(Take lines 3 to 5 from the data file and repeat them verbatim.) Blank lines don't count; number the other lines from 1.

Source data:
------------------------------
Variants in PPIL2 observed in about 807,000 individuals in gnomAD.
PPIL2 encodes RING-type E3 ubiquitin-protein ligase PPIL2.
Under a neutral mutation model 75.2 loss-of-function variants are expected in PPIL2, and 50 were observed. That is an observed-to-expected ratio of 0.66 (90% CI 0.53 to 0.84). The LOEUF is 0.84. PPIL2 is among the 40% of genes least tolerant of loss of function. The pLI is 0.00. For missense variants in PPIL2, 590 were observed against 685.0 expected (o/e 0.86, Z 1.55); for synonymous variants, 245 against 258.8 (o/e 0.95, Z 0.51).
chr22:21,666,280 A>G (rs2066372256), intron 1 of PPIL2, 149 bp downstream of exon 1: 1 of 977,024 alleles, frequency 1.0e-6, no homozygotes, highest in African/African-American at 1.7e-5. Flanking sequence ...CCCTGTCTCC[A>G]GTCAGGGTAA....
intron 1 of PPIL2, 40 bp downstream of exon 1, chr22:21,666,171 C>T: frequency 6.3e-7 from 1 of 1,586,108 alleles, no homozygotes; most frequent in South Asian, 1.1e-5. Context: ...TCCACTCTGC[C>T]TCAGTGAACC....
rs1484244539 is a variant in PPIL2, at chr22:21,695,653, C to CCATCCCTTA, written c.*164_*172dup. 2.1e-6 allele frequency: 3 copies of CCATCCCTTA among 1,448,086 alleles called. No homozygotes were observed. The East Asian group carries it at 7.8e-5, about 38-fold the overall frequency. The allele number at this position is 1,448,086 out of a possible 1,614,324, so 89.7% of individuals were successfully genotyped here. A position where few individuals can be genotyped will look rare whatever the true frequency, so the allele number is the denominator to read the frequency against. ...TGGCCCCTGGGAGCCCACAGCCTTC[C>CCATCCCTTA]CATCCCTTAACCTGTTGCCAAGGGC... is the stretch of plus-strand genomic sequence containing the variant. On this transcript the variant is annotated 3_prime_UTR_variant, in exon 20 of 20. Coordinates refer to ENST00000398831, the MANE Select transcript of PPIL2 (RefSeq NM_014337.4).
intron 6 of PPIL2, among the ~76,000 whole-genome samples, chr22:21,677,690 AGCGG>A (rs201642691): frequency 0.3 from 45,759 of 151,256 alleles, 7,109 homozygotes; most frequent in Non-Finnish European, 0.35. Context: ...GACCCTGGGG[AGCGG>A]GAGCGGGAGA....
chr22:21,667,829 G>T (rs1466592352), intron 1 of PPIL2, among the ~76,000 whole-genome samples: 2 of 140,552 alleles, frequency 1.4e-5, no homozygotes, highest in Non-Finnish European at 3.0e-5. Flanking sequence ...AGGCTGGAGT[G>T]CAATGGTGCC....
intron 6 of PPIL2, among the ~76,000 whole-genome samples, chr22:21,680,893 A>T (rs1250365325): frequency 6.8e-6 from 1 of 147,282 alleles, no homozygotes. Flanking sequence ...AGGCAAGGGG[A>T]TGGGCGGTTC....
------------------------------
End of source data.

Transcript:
Under a neutral mutation model 75.2 loss-of-function variants are expected in PPIL2, and 50 were observed. That is an observed-to-expected ratio of 0.66 (90% CI 0.53 to 0.84). The LOEUF is 0.84. PPIL2 is among the 40% of genes least tolerant of loss of function. The pLI is 0.00. For missense variants in PPIL2, 590 were observed against 685.0 expected (o/e 0.86, Z 1.55); for synonymous variants, 245 against 258.8 (o/e 0.95, Z 0.51).
chr22:21,666,280 A>G (rs2066372256), intron 1 of PPIL2, 149 bp downstream of exon 1: 1 of 977,024 alleles, frequency 1.0e-6, no homozygotes, highest in African/African-American at 1.7e-5. Flanking sequence ...CCCTGTCTCC[A>G]GTCAGGGTAA....
intron 1 of PPIL2, 40 bp downstream of exon 1, chr22:21,666,171 C>T: frequency 6.3e-7 from 1 of 1,586,108 alleles, no homozygotes; most frequent in South Asian, 1.1e-5. Context: ...TCCACTCTGC[C>T]TCAGTGAACC....